<< A recent article by the New York Times related a disturbing story (nytimes.com/2010/11/28/busines ...). By treating your customers badly, one merchant told the paper, you can generate complaints and negative reviews that translate to more links to your site; which, in turn, make it more prominent in search engines. The main premise of the article was that being bad on the web can be good for business.
We were horrified to read about Ms. Rodriguez’s dreadful experience. Even though our initial analysis pointed to this being an edge case and not a widespread problem in our search results, we immediately convened a team that looked carefully at the issue. That team developed an initial algorithmic solution, implemented it, and the solution is already live. I am here to tell you that being bad is, and hopefully will always be, bad for business in Google’s search results...
In the last few days we developed an algorithmic solution which detects the merchant from the Times article along with hundreds of other merchants that, in our opinion, provide an extremely poor user experience. The algorithm we incorporated into our search rankings represents an initial solution to this issue, and Google users are now getting a better experience as a result.
We can't say for sure that no one will ever find a loophole in our ranking algorithms in the future. We know that people will keep trying: attempts to game Google’s ranking, like the ones mentioned in the article, go on 24 hours a day, every single day. That’s why we cannot reveal the details of our solution—the underlying signals, data sources, and how we combined them to improve our rankings—beyond what we’ve already said. We can say with reasonable confidence that being bad to customers is bad for business on Google. And we will continue to work hard towards a better search. >>
(David G. Klein, The New York Times, November 28, 2010)
This is a remarkable development, for several reasons.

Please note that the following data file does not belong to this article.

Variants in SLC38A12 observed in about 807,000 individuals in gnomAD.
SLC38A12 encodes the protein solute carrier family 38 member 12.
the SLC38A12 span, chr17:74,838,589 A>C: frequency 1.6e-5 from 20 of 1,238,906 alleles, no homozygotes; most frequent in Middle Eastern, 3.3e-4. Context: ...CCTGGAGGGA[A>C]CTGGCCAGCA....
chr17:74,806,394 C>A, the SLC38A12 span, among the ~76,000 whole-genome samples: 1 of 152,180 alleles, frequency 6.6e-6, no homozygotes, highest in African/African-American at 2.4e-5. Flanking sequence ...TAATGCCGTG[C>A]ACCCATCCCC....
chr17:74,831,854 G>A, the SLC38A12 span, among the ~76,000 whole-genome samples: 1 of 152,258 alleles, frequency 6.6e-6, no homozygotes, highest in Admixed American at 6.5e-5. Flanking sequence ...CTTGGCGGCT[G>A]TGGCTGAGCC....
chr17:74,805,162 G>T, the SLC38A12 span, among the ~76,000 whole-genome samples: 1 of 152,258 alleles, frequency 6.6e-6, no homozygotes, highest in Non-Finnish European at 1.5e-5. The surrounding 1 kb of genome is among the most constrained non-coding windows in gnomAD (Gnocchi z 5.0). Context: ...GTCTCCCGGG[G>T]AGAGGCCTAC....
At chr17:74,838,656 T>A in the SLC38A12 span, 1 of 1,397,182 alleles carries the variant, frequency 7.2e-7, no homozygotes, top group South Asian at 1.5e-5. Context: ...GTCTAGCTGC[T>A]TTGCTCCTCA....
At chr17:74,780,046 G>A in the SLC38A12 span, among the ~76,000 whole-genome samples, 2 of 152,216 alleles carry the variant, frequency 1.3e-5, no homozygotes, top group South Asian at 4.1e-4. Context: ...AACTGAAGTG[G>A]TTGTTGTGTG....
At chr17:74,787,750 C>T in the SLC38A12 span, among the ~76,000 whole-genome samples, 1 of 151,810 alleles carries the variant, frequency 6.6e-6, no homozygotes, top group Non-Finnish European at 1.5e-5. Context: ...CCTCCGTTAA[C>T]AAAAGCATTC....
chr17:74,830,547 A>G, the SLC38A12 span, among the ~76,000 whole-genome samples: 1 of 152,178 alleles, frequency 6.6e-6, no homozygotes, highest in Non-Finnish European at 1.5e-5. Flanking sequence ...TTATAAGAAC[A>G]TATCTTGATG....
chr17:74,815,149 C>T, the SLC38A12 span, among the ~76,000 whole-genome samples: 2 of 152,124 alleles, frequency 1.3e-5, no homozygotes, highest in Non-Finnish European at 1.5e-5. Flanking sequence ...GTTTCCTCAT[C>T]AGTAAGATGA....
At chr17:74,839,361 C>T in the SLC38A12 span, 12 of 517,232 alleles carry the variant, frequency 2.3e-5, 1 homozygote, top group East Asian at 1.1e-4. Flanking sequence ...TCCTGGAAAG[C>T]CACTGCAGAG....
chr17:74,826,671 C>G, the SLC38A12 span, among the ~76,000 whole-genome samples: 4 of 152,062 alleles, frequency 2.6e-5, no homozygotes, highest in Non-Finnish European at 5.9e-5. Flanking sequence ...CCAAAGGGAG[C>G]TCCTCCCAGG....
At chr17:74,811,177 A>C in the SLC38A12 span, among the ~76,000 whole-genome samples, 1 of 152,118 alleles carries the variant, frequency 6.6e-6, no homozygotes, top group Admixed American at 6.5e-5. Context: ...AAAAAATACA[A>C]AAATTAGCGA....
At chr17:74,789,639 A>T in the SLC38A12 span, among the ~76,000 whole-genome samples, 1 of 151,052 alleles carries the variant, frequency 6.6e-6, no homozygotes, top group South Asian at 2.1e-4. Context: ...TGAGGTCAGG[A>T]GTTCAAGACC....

It shows that Google is really getting in to the (algorithmic) value judgement business. Of course search results have always been an algorithmic value judgement, but it's only Google's business that suffers if the algorithms aren't very good. Now, it's other people's businesses that suffer if the algorithm is poor.
Google has made it pretty clear that they're not using a straightforward analysis of web content and links. As they point out, this would cause all kinds of anomalies, because "famous" and "infamous" share so many attributes.
So how is Google doing it? They have access to so much data nowadays that they can look way beyond web content. They could, for example, work out whether new customers who try a business once tend to become repeat customers or not.
Whatever algorithms Google uses, it opens "cans of worms". Every type of business is different. In some businesses, repeat business is relevant. In some businesses, reputation is important. In other types of businesses, happy customers value privacy and keep quiet.
In many cases, there will be very limited data available for small businesses. Will Google's value judgement tend to prefer big businesses that treat customers blandly, or will it still give a chance to the tiny family business that has great customer service?
Finally, I see that Google rejected sentiment analysis because "if we demoted web pages that have negative comments against them, you might not be able to find information about many elected officials". They say this as if it would be a bad thing to motivate elected officials to increase voter satisfaction! But Google, as a mega-corporation, is probably reluctant to bite the hand that regulates it. I think they know that the moment they downgrade a politician's website, they will invite unfavorable treatment from that politician.
"But Google, as a mega-corporation, is probably reluctant to bite the hand that regulates it."
Roger Browne, I don't think that Google has an issue with being disruptive or taking stances that not everyone approves of. The full sentence was "But if we demoted web pages that have negative comments against them, you might not be able to find information about many elected officials, not to mention a lot of important but controversial concepts." You wouldn't want a bunch of anti-vaccine sentiments to cause vaccine info to be ranked lower, for example.
Agreed, Matt. It's a very difficult problem though.
I once stayed at a hotel that had terrible online reviews, but it was very cheap and was actually excellent for the price. I would hate for businesses like that to drop down the rankings.